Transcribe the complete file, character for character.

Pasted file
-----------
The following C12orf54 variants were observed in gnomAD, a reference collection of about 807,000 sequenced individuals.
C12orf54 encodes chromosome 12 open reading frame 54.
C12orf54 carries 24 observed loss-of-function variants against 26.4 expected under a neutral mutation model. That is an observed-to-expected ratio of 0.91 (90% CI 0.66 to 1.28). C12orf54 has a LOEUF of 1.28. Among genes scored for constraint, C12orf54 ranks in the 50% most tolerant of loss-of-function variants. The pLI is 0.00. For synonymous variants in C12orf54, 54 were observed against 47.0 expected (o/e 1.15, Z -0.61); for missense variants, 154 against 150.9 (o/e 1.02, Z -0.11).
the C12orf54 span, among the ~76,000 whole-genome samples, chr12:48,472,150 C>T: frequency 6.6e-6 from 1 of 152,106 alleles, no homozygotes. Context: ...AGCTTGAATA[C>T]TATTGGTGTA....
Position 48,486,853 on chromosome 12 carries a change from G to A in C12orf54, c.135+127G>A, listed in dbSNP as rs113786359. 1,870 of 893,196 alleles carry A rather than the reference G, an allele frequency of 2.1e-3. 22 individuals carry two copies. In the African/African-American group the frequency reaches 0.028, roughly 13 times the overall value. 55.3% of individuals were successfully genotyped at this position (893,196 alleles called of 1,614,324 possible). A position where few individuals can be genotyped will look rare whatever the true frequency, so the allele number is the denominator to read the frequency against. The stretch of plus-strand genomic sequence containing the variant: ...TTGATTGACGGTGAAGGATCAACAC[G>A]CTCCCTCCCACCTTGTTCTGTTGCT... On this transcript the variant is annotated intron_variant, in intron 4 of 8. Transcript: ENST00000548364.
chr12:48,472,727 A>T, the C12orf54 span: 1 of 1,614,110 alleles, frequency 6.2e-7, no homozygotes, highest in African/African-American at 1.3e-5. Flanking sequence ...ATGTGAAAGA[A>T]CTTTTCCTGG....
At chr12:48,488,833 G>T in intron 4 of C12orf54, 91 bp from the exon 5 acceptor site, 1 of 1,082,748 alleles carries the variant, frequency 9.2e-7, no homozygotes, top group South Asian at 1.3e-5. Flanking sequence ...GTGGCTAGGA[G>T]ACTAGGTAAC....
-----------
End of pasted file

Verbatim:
The following C12orf54 variants were observed in gnomAD, a reference collection of about 807,000 sequenced individuals.
C12orf54 encodes chromosome 12 open reading frame 54.
C12orf54 carries 24 observed loss-of-function variants against 26.4 expected under a neutral mutation model. That is an observed-to-expected ratio of 0.91 (90% CI 0.66 to 1.28). C12orf54 has a LOEUF of 1.28. Among genes scored for constraint, C12orf54 ranks in the 50% most tolerant of loss-of-function variants. The pLI is 0.00. For synonymous variants in C12orf54, 54 were observed against 47.0 expected (o/e 1.15, Z -0.61); for missense variants, 154 against 150.9 (o/e 1.02, Z -0.11).
the C12orf54 span, among the ~76,000 whole-genome samples, chr12:48,472,150 C>T: frequency 6.6e-6 from 1 of 152,106 alleles, no homozygotes. Context: ...AGCTTGAATA[C>T]TATTGGTGTA....
Position 48,486,853 on chromosome 12 carries a change from G to A in C12orf54, c.135+127G>A, listed in dbSNP as rs113786359. 1,870 of 893,196 alleles carry A rather than the reference G, an allele frequency of 2.1e-3. 22 individuals carry two copies. In the African/African-American group the frequency reaches 0.028, roughly 13 times the overall value. 55.3% of individuals were successfully genotyped at this position (893,196 alleles called of 1,614,324 possible). A position where few individuals can be genotyped will look rare whatever the true frequency, so the allele number is the denominator to read the frequency against. The stretch of plus-strand genomic sequence containing the variant: ...TTGATTGACGGTGAAGGATCAACAC[G>A]CTCCCTCCCACCTTGTTCTGTTGCT... On this transcript the variant is annotated intron_variant, in intron 4 of 8. Transcript: ENST00000548364.
chr12:48,472,727 A>T, the C12orf54 span: 1 of 1,614,110 alleles, frequency 6.2e-7, no homozygotes, highest in African/African-American at 1.3e-5. Flanking sequence ...ATGTGAAAGA[A>T]CTTTTCCTGG....
At chr12:48,488,833 G>T in intron 4 of C12orf54, 91 bp from the exon 5 acceptor site, 1 of 1,082,748 alleles carries the variant, frequency 9.2e-7, no homozygotes, top group South Asian at 1.3e-5. Flanking sequence ...GTGGCTAGGA[G>T]ACTAGGTAAC....